Where’s the world’s oldest hotel?

When I first heard about the world’s oldest hotel I was curious as to where in the world it was. While it makes sense on reflection, I was surprised to learn that it was located in Japan of all places.

Certified as “the world’s most historical inn” by the Guinness Book of World Records, Koshu Nishiyama Hot Spring, Keiunkan, is located at the foot of the South Japanese Alps in Yamanashi Prefecture.

keiunkan inn japan

So what does it take to qualify as the world’s oldest inn? As it turns out, 1300 years of history. The Keiunkan Inn was opened in the year 705AD when Fujiwara Mahito founded it in the 2nd year of the Keiun era. With all its hot water sourced directly from the hot spring, the water has flowed freely without interruption since then.

keiunkan inn japan spa

In the same region as the World Heritage listed Mt Fuji, Keiunkan success is partly down to the fact it embodies the unwavering hospitality fuelled by the spirit of Japanese harmony towards guests.

hoshi ryokan

Listed on Booking.com, and just shy of Keiunkan, Hoshi Ryokan is also widely considered the world’s oldest hotel dating back to 718. Even more impressive, it has been operated by 46 generations of the same family. Another traditional type of Japanese Inn, it is located in the Awazumachi area and offers public hot-spring baths and traditional meals.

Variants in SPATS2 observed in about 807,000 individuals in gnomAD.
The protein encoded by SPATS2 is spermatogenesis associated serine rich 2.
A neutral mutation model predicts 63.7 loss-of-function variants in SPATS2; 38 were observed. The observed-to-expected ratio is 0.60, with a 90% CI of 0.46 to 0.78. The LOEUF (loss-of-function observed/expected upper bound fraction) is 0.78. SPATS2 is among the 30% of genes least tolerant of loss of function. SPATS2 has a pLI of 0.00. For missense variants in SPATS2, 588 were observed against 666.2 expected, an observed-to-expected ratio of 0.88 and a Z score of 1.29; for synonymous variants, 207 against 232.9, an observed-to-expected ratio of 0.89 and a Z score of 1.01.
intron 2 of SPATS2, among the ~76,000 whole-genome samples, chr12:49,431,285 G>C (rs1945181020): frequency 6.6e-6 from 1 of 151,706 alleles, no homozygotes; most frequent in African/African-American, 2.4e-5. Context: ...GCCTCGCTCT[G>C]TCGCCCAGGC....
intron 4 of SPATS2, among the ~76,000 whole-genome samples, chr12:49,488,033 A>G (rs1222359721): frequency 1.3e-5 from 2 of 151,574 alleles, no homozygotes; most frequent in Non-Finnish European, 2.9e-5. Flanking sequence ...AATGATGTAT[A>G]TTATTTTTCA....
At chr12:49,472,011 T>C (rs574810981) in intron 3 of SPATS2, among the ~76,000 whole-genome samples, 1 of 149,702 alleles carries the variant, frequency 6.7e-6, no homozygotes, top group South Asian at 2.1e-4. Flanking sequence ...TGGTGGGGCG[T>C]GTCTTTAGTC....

hoshi ryokan spa bath

You can find out more about the world’s oldest inn at Keiunkan.co.jp

Related articles:
Japan: what you need to know
Robots run new Japanese hotel
How to keep calm in Kyoto

SJ is a regular travel contributor to YourLifeChoices. Her travel low point was buying a Beijing guidebook for her visit to Thailand in 2007. Thankfully her geography has improved since then.

Written by YourLifeChoices Writers

YourLifeChoices' team of writers specialise in content that helps Australian over-50s make better decisions about wealth, health, travel and life. It's all in the name. For 22 years, we've been helping older Australians live their best lives.

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